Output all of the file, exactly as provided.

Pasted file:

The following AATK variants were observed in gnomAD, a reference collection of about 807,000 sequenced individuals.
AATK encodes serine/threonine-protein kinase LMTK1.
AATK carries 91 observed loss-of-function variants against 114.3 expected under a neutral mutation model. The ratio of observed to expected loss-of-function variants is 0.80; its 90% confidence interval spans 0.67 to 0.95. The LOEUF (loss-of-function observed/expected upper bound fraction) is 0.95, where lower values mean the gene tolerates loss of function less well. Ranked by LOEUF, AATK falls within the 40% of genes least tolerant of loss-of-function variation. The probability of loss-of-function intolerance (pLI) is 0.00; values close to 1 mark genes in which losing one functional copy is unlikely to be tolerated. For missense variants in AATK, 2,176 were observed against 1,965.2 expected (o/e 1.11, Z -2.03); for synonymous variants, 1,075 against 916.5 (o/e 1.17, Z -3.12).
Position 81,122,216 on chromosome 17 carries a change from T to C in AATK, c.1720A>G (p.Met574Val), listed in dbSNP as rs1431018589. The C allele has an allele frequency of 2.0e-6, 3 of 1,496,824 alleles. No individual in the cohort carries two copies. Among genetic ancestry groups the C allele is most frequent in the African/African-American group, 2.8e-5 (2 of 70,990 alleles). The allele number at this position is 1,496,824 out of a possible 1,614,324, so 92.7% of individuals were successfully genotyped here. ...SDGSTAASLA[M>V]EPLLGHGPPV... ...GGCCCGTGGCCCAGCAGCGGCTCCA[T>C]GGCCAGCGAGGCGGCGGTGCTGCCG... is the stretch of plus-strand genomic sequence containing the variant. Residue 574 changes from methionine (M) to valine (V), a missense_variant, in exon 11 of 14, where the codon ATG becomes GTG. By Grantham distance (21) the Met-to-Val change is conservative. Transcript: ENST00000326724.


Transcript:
The following AATK variants were observed in gnomAD, a reference collection of about 807,000 sequenced individuals.
AATK encodes serine/threonine-protein kinase LMTK1.
AATK carries 91 observed loss-of-function variants against 114.3 expected under a neutral mutation model. The ratio of observed to expected loss-of-function variants is 0.80; its 90% confidence interval spans 0.67 to 0.95. The LOEUF (loss-of-function observed/expected upper bound fraction) is 0.95, where lower values mean the gene tolerates loss of function less well. Ranked by LOEUF, AATK falls within the 40% of genes least tolerant of loss-of-function variation. The probability of loss-of-function intolerance (pLI) is 0.00; values close to 1 mark genes in which losing one functional copy is unlikely to be tolerated. For missense variants in AATK, 2,176 were observed against 1,965.2 expected (o/e 1.11, Z -2.03); for synonymous variants, 1,075 against 916.5 (o/e 1.17, Z -3.12).
Position 81,122,216 on chromosome 17 carries a change from T to C in AATK, c.1720A>G (p.Met574Val), listed in dbSNP as rs1431018589. The C allele has an allele frequency of 2.0e-6, 3 of 1,496,824 alleles. No individual in the cohort carries two copies. Among genetic ancestry groups the C allele is most frequent in the African/African-American group, 2.8e-5 (2 of 70,990 alleles). The allele number at this position is 1,496,824 out of a possible 1,614,324, so 92.7% of individuals were successfully genotyped here. ...SDGSTAASLA[M>V]EPLLGHGPPV... ...GGCCCGTGGCCCAGCAGCGGCTCCA[T>C]GGCCAGCGAGGCGGCGGTGCTGCCG... is the stretch of plus-strand genomic sequence containing the variant. Residue 574 changes from methionine (M) to valine (V), a missense_variant, in exon 11 of 14, where the codon ATG becomes GTG. By Grantham distance (21) the Met-to-Val change is conservative. Transcript: ENST00000326724.